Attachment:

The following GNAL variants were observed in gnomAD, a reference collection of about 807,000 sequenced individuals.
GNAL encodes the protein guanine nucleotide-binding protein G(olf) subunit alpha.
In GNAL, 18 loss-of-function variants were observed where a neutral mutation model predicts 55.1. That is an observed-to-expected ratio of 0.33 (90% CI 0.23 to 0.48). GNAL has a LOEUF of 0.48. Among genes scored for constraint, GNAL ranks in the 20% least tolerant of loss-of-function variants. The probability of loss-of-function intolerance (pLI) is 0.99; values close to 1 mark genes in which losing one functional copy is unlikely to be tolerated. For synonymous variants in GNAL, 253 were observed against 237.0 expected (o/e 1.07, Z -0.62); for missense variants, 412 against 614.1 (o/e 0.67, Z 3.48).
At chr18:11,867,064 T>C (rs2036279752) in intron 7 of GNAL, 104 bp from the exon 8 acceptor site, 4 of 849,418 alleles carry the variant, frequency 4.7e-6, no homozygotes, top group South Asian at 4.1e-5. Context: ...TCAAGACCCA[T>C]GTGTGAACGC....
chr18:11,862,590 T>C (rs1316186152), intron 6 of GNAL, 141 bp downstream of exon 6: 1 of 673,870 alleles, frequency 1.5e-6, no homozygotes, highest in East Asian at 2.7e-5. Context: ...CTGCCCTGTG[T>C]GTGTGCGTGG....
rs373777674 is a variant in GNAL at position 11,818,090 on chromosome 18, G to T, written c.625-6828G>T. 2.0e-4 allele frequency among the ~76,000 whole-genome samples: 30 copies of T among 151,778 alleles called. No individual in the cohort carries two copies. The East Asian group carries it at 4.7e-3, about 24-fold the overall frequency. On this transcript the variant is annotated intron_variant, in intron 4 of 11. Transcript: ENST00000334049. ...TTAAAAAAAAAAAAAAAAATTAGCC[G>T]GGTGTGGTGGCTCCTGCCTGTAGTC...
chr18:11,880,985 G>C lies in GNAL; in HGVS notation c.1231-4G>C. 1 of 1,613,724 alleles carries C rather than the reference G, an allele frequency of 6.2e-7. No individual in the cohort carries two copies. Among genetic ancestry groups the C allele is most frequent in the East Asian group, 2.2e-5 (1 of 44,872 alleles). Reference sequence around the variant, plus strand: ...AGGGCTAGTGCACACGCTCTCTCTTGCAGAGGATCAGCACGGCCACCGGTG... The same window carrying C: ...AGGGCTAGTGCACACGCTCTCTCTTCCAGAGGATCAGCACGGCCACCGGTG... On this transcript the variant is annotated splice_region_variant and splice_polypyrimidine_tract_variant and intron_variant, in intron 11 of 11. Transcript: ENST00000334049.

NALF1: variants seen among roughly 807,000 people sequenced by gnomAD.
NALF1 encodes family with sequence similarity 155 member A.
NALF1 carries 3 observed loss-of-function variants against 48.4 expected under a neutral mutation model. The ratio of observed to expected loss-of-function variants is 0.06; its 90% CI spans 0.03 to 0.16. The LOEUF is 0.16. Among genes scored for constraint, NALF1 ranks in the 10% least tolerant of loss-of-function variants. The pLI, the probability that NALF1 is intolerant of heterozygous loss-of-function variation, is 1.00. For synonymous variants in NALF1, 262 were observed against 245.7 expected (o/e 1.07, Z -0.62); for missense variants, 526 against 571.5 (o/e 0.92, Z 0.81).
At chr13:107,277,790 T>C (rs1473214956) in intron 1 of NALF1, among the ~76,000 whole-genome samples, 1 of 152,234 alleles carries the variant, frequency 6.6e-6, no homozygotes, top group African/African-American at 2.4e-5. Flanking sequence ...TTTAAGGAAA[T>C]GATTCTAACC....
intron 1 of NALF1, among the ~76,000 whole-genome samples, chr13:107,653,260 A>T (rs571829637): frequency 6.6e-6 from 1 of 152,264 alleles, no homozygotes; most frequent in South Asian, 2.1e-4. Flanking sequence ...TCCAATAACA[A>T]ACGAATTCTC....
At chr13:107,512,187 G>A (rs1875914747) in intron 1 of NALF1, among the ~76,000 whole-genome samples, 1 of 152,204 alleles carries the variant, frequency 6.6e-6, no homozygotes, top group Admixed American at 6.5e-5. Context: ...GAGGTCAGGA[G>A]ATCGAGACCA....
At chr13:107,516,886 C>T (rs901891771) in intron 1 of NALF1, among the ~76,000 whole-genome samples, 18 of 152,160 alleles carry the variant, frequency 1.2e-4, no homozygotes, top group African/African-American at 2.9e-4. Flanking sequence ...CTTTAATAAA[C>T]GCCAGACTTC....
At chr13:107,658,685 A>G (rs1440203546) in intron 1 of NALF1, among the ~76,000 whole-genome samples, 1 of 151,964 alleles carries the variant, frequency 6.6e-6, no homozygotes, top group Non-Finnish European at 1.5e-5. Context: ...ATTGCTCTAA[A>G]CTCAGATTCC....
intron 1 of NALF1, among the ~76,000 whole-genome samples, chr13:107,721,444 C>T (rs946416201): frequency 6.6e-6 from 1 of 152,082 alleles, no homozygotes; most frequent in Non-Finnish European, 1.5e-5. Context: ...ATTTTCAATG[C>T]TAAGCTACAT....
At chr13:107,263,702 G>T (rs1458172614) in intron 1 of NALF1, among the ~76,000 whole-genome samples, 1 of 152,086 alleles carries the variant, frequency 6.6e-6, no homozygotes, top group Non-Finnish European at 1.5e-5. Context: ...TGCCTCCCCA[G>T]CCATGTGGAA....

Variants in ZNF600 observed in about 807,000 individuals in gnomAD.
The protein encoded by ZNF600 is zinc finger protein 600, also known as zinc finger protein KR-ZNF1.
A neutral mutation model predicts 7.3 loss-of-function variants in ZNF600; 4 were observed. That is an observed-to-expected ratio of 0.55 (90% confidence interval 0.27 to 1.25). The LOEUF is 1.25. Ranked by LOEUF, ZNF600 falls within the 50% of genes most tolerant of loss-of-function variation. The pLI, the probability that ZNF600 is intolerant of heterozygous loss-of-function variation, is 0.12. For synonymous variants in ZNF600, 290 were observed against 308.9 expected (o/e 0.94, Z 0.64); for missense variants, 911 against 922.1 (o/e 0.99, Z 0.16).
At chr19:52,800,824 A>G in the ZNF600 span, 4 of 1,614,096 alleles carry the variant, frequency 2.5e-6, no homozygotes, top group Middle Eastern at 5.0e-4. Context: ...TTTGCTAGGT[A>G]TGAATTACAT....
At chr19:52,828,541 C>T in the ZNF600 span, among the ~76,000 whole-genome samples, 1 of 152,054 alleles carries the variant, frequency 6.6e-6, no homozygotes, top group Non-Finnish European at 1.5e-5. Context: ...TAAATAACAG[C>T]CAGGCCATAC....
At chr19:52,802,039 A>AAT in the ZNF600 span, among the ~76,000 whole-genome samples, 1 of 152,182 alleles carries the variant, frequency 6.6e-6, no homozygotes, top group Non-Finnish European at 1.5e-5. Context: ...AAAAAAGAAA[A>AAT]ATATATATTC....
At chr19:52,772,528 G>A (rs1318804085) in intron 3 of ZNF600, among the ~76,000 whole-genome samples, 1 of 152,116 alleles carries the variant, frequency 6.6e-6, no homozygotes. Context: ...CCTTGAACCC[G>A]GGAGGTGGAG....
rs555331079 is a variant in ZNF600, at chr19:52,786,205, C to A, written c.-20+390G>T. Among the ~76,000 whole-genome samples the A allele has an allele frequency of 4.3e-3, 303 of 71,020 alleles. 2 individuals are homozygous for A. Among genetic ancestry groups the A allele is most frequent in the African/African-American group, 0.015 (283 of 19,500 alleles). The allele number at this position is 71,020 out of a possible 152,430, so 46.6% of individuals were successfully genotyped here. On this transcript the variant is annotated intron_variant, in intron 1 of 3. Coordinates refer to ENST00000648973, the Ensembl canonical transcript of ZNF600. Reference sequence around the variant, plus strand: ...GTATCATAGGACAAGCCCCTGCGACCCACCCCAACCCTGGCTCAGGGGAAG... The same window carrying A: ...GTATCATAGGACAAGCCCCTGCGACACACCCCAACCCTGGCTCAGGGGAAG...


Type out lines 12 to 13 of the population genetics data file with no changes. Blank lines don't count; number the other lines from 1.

intron 1 of NALF1, among the ~76,000 whole-genome samples, chr13:107,653,260 A>T (rs571829637): frequency 6.6e-6 from 1 of 152,264 alleles, no homozygotes; most frequent in South Asian, 2.1e-4. Flanking sequence ...TCCAATAACA[A>T]ACGAATTCTC....
At chr13:107,512,187 G>A (rs1875914747) in intron 1 of NALF1, among the ~76,000 whole-genome samples, 1 of 152,204 alleles carries the variant, frequency 6.6e-6, no homozygotes, top group Admixed American at 6.5e-5. Context: ...GAGGTCAGGA[G>A]ATCGAGACCA....